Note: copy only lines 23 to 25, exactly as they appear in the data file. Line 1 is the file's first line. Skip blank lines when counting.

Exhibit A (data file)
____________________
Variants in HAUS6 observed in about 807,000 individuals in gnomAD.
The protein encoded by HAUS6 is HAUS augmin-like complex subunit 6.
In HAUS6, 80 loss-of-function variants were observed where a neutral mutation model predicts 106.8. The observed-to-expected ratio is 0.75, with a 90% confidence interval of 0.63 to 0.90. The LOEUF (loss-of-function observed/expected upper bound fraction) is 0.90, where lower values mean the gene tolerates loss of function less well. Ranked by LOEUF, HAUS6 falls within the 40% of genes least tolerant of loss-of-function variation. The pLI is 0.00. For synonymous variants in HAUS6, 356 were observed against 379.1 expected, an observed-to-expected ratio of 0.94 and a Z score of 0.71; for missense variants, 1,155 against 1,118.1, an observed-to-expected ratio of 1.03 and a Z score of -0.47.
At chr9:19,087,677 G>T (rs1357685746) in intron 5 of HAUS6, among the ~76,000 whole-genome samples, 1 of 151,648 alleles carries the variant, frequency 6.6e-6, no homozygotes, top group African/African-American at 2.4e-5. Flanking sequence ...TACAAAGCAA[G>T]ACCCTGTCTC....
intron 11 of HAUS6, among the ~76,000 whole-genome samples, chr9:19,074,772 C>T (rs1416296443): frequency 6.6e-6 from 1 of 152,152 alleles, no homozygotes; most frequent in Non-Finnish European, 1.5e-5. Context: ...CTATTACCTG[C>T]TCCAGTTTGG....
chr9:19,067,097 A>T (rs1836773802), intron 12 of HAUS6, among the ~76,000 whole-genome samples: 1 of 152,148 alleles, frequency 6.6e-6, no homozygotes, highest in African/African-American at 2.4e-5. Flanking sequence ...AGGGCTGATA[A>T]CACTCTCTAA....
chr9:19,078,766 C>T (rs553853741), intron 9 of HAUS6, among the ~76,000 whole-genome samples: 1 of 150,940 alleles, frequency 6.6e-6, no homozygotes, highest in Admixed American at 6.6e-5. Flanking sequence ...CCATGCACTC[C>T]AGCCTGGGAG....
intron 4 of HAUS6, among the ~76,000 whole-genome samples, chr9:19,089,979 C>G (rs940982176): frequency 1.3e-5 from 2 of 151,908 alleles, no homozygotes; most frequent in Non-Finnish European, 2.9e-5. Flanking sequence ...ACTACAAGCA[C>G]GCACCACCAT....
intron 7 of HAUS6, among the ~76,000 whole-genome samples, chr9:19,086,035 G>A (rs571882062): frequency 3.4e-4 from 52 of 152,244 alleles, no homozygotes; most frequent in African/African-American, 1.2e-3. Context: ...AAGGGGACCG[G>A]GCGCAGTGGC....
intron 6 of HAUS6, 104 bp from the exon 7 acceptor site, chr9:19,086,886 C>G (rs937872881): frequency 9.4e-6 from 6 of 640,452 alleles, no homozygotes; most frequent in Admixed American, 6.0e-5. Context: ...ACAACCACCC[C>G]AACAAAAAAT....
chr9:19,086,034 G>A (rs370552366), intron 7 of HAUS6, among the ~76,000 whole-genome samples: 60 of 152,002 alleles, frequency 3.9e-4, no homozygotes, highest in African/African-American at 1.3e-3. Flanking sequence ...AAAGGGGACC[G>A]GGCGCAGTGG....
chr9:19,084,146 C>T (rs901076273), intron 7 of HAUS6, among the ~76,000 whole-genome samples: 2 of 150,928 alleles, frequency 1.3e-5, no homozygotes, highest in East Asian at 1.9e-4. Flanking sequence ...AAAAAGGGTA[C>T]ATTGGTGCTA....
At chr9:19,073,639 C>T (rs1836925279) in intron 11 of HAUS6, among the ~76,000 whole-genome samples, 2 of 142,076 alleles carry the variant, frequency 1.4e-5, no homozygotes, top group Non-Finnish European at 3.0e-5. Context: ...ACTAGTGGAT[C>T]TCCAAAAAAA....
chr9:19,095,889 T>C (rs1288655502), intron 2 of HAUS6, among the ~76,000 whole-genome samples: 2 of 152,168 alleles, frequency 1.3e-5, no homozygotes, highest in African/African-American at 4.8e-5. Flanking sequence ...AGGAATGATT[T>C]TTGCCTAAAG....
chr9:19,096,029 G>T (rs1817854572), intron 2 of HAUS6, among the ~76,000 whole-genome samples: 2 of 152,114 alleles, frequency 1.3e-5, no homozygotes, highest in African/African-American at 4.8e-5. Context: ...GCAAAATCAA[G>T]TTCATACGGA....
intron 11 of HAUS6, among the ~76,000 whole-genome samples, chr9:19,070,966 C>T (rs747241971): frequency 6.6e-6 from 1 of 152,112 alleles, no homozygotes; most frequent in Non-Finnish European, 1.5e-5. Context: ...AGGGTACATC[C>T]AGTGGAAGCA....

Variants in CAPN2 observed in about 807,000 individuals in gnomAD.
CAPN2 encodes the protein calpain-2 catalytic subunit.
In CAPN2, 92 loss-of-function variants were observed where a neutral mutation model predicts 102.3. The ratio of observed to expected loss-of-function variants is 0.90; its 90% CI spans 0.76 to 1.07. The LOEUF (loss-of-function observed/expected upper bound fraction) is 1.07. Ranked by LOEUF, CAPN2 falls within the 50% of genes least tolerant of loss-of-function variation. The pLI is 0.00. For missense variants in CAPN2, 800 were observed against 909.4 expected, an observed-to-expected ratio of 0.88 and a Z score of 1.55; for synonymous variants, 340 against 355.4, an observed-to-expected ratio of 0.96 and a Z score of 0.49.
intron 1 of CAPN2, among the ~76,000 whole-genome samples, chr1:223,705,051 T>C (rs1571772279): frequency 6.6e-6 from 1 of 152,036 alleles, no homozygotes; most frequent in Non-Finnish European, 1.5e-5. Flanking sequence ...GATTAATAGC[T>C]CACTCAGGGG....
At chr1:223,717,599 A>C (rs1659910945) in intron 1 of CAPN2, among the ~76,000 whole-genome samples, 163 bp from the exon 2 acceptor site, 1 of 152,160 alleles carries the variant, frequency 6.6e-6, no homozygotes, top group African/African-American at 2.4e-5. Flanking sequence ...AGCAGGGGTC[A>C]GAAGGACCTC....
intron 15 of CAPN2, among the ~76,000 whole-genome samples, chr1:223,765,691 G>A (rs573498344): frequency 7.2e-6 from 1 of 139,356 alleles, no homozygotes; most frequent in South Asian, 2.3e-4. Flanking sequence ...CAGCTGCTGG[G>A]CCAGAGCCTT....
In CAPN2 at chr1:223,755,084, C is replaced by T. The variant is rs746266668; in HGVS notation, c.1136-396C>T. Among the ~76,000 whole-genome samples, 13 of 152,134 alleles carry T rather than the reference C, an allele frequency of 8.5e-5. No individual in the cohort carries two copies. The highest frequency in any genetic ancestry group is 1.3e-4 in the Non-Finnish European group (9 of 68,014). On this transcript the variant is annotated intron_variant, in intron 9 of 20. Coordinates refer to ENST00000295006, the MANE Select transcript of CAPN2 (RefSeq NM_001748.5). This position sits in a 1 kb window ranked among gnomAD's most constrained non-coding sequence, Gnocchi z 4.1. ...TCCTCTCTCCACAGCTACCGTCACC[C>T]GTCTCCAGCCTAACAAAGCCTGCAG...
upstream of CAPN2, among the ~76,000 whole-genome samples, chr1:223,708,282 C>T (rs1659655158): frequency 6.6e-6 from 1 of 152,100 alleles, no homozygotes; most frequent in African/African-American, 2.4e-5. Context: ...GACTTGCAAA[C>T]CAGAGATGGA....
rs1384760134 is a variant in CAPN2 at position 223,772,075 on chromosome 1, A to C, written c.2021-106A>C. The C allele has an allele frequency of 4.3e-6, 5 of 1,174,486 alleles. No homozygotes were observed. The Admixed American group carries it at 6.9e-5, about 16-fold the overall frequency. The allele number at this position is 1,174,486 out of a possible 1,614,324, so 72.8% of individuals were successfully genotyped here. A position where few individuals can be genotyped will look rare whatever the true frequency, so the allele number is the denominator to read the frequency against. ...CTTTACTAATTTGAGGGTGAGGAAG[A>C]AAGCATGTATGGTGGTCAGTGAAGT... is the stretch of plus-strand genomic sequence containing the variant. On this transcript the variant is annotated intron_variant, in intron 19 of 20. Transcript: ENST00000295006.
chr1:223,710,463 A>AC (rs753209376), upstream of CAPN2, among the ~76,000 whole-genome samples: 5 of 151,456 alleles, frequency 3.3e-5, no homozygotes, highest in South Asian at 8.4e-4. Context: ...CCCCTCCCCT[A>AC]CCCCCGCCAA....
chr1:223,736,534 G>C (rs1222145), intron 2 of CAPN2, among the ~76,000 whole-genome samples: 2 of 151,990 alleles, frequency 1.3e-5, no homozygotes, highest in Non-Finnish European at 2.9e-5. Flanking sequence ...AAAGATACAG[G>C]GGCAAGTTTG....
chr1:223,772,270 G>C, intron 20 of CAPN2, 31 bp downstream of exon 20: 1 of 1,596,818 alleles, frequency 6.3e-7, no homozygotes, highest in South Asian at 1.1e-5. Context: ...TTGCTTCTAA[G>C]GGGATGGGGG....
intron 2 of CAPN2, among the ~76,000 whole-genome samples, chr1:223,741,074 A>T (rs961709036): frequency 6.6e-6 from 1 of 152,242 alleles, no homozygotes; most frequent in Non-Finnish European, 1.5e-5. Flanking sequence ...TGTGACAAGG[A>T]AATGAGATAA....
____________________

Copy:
In CAPN2 at chr1:223,755,084, C is replaced by T. The variant is rs746266668; in HGVS notation, c.1136-396C>T. Among the ~76,000 whole-genome samples, 13 of 152,134 alleles carry T rather than the reference C, an allele frequency of 8.5e-5. No individual in the cohort carries two copies. The highest frequency in any genetic ancestry group is 1.3e-4 in the Non-Finnish European group (9 of 68,014). On this transcript the variant is annotated intron_variant, in intron 9 of 20. Coordinates refer to ENST00000295006, the MANE Select transcript of CAPN2 (RefSeq NM_001748.5). This position sits in a 1 kb window ranked among gnomAD's most constrained non-coding sequence, Gnocchi z 4.1. ...TCCTCTCTCCACAGCTACCGTCACC[C>T]GTCTCCAGCCTAACAAAGCCTGCAG...
upstream of CAPN2, among the ~76,000 whole-genome samples, chr1:223,708,282 C>T (rs1659655158): frequency 6.6e-6 from 1 of 152,100 alleles, no homozygotes; most frequent in African/African-American, 2.4e-5. Context: ...GACTTGCAAA[C>T]CAGAGATGGA....
rs1384760134 is a variant in CAPN2 at position 223,772,075 on chromosome 1, A to C, written c.2021-106A>C. The C allele has an allele frequency of 4.3e-6, 5 of 1,174,486 alleles. No homozygotes were observed. The Admixed American group carries it at 6.9e-5, about 16-fold the overall frequency. The allele number at this position is 1,174,486 out of a possible 1,614,324, so 72.8% of individuals were successfully genotyped here. A position where few individuals can be genotyped will look rare whatever the true frequency, so the allele number is the denominator to read the frequency against. ...CTTTACTAATTTGAGGGTGAGGAAG[A>C]AAGCATGTATGGTGGTCAGTGAAGT... is the stretch of plus-strand genomic sequence containing the variant. On this transcript the variant is annotated intron_variant, in intron 19 of 20. Transcript: ENST00000295006.